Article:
Monday, February 21, 2011

Special Needs Students

As a Special Education teacher, I struggle every day with how to best accommodate students with learning disabilities in the regular education setting.  With more and more districts pushing for full inclusion, teachers everywhere are being faced with students with reading and/or math skills that are often several grade levels behind their regular education peers.  How to we provide excellent learning opportunities for students of all abilities in the same class?!?
With that in mind, I thought I’d share 1 quick and easy accommodation I use with my students (all of them, regular education and special education) that seems to have the huge returns as far as their performance, understanding, and just plain enjoyment of being in class goes.  
Guided notes
How do you get a student who can’t read on your grade level to complete a homework assignment of reading 5 pages and taking notes on what he read?  How can you get a student who can’t spell (or who writes illegibly!) to answer comprehension questions in a way that is useful to them and readable by you?
Guided notes can be one solution.  By taking the time to go through the section you want your students to read and giving them guided notes you will be providing your students with an assignment that clearly shows them exactly what you expect them to know.  Struggling readers are able to use the context clues in your notes to help them find the information, advanced students who want to get it all right are assured that they are on the right path, and in the end, you know that if your students have completed the notes – they have an excellent study guide.  It’s an easy way to make note-taking and reading comprehension a bit more accessible for all of your students.
For example, if your goal is to have them read from your text book and then list the 4 main reasons immigrants come to America, what a noun can be, different types of angles, etc.  Then your guided notes might look like a larger version of this:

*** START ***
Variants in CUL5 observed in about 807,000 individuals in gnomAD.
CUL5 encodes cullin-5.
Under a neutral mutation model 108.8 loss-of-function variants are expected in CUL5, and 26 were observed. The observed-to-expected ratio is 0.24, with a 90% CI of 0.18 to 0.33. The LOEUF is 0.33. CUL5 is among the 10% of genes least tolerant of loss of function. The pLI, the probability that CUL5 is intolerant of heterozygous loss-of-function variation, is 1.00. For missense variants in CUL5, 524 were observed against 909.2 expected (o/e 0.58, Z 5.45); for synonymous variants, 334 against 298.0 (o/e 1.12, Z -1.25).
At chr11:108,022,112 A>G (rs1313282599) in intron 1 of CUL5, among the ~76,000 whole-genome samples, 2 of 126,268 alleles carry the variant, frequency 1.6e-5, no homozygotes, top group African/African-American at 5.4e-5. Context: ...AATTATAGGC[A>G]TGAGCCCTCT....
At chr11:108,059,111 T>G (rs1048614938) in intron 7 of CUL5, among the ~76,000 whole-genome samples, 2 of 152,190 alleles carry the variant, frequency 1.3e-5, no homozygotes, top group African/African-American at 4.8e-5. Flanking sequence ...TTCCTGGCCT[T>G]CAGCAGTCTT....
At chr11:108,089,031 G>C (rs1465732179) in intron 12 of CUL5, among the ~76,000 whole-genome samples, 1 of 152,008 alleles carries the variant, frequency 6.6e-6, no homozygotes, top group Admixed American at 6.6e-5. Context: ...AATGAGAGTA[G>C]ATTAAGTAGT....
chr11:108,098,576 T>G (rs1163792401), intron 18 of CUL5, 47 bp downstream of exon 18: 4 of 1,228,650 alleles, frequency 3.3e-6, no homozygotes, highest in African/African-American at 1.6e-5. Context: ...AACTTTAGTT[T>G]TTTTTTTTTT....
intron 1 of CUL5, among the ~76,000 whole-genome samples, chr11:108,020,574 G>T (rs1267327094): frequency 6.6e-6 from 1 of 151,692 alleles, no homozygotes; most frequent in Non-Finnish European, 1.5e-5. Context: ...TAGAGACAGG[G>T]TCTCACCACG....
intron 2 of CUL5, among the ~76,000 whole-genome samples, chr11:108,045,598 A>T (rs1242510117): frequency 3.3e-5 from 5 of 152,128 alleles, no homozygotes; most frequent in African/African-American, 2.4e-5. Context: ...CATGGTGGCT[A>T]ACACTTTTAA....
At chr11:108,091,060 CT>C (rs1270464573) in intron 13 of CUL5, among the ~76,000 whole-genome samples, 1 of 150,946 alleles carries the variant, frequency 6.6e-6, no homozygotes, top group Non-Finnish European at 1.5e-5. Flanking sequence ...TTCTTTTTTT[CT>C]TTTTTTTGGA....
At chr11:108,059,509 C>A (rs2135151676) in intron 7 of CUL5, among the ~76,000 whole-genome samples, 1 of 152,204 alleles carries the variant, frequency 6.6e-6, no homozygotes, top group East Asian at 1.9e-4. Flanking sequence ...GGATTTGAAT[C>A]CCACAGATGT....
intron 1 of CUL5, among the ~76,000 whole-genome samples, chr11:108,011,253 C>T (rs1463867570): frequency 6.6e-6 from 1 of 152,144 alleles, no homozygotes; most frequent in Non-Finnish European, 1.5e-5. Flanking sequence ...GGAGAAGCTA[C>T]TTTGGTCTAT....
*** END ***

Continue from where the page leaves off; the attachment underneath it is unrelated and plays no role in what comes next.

Name _______________________________________________ Date _____ / _____ / _____
Social Studies Notes:  Chapter 4
Important Vocabulary:  Find the bold words on pp. 33-35.  Add them to the organizer and then complete it with what the word means and what it looks like to you.
Vocab Word:

What it means:
What it looks like to me:

Vocab Word:
What it means:
What it looks like to me:
Key Concepts:  Read pp. 33-35, then complete the chart below with the information you learned from your reading.

4 Reasons Why Immigrants Came to America
It might seem overly simple – but some of the best ideas are.  And after years of watching teachers grow frustrated with how long it takes students to copy notes from the board, how students often take notes without knowing what the critical information is, and watching students with learning disabilities struggle with writing legibly, finding the crucial information, and reading the material, I have learned that guided notes can save both teacher and students a lot of grumbling!
I hope that you give guided notes a try if you haven’t yet.  I think you’ll find them helpful.  I know I do!

Meghan Mathis

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  1. The example of guided notes did not come out quite as I wanted it to in this article (a new laptop without a Word program has made my life a bit complicated this week!).

    If you are interested in guided notes and would like to see some better examples, please contact me at Teachers Pay Teachers. I'd be happy to share some with you!

    Meghan Mathis

  2. I remember guided notes from school! Thanks for the Idea Meghan.


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